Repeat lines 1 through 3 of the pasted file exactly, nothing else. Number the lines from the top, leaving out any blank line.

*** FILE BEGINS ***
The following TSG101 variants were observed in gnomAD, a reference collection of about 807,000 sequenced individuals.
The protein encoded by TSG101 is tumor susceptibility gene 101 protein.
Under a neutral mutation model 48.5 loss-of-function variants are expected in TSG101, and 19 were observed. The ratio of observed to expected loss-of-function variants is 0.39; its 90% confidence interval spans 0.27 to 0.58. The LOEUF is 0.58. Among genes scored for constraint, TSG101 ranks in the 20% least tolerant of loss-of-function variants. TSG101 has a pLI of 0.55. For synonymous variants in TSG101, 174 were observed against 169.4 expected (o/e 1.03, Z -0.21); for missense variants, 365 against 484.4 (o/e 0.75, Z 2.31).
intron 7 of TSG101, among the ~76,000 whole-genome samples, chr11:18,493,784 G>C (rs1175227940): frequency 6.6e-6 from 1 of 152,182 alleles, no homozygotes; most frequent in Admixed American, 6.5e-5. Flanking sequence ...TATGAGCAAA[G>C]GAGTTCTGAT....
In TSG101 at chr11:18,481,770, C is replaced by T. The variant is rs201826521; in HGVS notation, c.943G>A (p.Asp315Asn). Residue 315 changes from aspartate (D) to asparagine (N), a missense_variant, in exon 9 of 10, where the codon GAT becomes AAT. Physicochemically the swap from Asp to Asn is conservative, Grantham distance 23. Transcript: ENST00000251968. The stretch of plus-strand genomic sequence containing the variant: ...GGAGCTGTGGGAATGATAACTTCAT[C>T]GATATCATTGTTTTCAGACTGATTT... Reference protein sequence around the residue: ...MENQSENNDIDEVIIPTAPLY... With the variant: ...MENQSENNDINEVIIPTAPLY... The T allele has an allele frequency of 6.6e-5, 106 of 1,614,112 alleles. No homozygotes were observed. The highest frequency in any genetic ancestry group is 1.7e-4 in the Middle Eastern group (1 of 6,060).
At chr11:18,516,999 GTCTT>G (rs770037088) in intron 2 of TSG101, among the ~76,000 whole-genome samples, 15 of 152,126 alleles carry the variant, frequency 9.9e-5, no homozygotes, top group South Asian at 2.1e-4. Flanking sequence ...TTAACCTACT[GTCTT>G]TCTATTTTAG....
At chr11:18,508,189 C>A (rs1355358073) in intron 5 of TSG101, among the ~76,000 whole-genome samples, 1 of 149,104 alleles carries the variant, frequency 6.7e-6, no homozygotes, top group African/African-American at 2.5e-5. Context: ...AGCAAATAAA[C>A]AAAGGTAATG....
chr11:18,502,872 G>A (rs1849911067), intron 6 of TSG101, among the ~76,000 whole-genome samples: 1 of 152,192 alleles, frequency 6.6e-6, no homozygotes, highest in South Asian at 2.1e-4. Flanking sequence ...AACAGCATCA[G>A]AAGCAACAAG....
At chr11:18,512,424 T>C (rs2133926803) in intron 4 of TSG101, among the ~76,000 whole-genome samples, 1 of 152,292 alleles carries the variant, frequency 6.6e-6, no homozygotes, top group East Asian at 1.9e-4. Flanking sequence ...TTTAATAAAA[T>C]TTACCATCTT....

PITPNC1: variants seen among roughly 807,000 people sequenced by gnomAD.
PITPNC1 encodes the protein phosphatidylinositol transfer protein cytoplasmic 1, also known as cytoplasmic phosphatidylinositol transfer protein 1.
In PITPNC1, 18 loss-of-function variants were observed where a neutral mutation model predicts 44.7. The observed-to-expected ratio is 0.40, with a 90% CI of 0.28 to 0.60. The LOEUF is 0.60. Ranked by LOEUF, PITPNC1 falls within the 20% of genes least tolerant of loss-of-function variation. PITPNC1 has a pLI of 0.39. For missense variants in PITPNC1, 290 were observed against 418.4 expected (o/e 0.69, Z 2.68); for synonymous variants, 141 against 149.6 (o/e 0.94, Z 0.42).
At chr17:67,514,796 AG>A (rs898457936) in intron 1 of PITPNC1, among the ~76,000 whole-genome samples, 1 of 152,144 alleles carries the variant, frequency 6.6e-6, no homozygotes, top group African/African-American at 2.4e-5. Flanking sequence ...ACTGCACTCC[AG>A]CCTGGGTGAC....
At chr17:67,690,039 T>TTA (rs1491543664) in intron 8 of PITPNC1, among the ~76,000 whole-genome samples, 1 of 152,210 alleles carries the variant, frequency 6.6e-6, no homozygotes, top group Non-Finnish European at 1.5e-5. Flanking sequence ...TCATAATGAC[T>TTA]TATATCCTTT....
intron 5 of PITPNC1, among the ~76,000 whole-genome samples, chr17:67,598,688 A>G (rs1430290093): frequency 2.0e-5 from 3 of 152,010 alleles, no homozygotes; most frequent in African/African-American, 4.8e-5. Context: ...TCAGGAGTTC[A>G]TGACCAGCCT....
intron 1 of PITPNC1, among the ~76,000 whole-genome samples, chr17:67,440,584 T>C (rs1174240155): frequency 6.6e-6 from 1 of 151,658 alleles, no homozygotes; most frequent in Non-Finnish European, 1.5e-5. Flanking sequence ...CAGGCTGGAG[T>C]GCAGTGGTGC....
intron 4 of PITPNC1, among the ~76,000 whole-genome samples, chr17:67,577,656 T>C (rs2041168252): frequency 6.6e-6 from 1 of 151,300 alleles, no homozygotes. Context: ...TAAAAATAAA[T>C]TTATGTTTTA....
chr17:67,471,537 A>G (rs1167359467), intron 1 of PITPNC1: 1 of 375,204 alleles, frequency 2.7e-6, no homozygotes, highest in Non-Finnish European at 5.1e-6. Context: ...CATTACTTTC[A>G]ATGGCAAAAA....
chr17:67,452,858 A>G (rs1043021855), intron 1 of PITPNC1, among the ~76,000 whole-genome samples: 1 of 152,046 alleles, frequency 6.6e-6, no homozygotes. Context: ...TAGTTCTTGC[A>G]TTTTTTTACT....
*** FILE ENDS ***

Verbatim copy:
The following TSG101 variants were observed in gnomAD, a reference collection of about 807,000 sequenced individuals.
The protein encoded by TSG101 is tumor susceptibility gene 101 protein.
Under a neutral mutation model 48.5 loss-of-function variants are expected in TSG101, and 19 were observed. The ratio of observed to expected loss-of-function variants is 0.39; its 90% confidence interval spans 0.27 to 0.58. The LOEUF is 0.58. Among genes scored for constraint, TSG101 ranks in the 20% least tolerant of loss-of-function variants. TSG101 has a pLI of 0.55. For synonymous variants in TSG101, 174 were observed against 169.4 expected (o/e 1.03, Z -0.21); for missense variants, 365 against 484.4 (o/e 0.75, Z 2.31).